The Last Unicorn by Peter Beagle
Read: 27 - 30 September 2010
From the back: This is the story of the last unicorn on earth, a creature whit the 'oldest, wildest grace that horses never had'. She had lived contentedly alone for hundreds of years, and would have continued to do so, believing that somewhere in the world there were others like her, had she not overheard a huntsman say that she was the last of her kind. Thereafter she could have no peace of mind until she had left the safety of her enchanted wood and gone to see for herself. And once exposed to the covetous eyes of men, there was peril for her at every turn...
A Magical Tale
I don't really know where to start this review, so let me start with the beginning:
The unicorn lived in a lilac wood, and she lived all alone. She was very old, though she did not know it, and she was no longer the careless colour of sea foam, but rather the colour of snow falling on a moonlit night. But her eyes were still clear and unwearied, and she still moved like a shadow on the sea.
This is the most beautiful and compelling opening lines I've ever read. The language is so fluid and calm, reading it feels like listening to the sea itself. I was captivated by the writing from the first line (I can't imagine a better place than a lilac wood with a unicorn in it), and I stayed that way throughout the novel. Several times I had to stop and read a passage over again, just because it sounded so wonderful. Beagle makes everything sound old and familiar, yet new and fresh at the same time.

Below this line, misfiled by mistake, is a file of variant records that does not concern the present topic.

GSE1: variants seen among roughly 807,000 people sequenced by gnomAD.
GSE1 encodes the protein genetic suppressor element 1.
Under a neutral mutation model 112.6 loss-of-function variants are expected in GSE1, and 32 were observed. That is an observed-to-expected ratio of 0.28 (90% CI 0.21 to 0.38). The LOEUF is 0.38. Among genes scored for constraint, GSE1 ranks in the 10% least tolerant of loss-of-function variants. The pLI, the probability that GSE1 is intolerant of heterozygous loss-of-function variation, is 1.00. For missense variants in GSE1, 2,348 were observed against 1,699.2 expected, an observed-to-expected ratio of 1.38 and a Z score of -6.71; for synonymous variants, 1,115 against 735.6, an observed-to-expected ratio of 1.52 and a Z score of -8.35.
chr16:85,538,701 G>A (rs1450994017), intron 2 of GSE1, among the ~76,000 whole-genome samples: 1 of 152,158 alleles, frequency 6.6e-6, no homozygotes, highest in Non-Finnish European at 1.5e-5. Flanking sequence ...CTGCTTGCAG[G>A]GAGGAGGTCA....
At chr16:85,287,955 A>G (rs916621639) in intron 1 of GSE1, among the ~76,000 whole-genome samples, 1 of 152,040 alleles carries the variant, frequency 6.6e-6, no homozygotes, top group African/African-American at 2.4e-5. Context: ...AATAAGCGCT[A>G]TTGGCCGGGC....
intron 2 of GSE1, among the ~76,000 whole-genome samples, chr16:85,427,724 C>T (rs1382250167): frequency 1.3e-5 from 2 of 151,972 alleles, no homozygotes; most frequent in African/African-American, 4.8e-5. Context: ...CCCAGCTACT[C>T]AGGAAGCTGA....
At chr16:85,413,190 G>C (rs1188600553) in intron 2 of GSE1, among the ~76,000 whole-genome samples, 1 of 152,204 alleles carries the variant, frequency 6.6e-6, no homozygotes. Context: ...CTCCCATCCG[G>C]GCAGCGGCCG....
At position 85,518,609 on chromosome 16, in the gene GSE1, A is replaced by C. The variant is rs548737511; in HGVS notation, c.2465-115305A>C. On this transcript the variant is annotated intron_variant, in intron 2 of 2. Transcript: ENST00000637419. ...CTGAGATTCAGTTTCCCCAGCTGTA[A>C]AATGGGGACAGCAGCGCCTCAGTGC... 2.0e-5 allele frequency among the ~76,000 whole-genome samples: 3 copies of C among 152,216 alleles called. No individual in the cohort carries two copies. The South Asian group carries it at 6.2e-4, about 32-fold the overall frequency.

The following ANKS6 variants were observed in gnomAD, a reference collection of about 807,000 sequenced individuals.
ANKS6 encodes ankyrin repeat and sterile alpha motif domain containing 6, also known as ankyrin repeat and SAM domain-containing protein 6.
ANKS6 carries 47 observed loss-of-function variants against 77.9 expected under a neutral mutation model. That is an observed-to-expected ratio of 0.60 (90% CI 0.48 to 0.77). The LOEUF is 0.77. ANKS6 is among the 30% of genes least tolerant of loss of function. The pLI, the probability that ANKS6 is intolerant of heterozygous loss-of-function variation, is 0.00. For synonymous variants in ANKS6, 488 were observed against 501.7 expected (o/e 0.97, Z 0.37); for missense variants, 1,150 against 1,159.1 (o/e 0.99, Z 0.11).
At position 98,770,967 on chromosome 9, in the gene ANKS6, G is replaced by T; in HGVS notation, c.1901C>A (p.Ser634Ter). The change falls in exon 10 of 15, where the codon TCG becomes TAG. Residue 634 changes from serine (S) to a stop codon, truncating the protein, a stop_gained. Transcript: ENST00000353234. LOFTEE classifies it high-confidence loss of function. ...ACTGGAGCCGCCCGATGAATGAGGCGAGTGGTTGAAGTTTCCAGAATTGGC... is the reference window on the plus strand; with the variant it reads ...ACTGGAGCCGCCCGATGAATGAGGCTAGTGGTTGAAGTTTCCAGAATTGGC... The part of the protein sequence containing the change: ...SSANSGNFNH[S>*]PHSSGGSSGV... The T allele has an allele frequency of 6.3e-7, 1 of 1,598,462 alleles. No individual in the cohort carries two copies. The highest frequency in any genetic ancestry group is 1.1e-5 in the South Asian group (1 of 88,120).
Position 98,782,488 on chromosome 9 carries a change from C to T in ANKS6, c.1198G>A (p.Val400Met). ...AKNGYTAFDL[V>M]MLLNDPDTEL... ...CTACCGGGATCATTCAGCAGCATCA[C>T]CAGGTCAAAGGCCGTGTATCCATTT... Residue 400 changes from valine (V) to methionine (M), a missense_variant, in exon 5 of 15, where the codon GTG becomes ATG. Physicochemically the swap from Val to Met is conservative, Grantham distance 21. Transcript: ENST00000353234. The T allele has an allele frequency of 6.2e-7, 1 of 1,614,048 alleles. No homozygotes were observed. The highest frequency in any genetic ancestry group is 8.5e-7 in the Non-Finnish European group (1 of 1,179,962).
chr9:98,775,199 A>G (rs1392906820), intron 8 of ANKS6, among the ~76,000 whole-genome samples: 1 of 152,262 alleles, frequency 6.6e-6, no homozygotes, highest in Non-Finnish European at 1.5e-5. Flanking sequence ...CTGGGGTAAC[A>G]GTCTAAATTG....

This is a haunting story; sad, scary, bittersweet, light-hearted and downright funny, all in one. It is heartbreaking to watch the unicorn, once so carefree and happy, start questioning herself and her whole existence. So she sets out from the lilac forest in search of her fellow unicorns, and along the way she is joined by Schmendrick the Magician, a failure at magic but with a powerful secret, and Molly Grue, a woodswoman with a kind heart and a keen mind. Together they head for King Haggard's castle to find the Red Bull, who drove the unicorns ahead of him down all the roads.
As sad and scary as this story is, what I liked best about it was the subtle humour that always made me smile amid the darkness. This is how Schmendrick's mentor described him:
My son, your ineptitude is so vast, your incompetence so profound, that I am certain you are inhabited by greater power that I have ever known.
Near the beginning of the book there is a short paragraph about a blue jay that sees the unicorn as she's passing by, and hurries back to his wife to tell her what he saw. The poor thing is so excited but trying to play it cool, but all his wife does is reprimand him for not bringing home supper and accuses him of seeing someone else. This little exchange is so funny, so cute and such a witty portrayal of a human marriage, it might just be my favourite thing in the whole book.
The Last Unicorn is like a mixture of Gaiman, Pratchett and Tolkien, with a little bit of Rowling thrown in for good measure, yet it's completely unique and extraordinary. It's a magical tale that I will never forget. Buy it, borrow it, steal it – do whatever you have to, but read this book. You won't regret it.
My rating: 6/6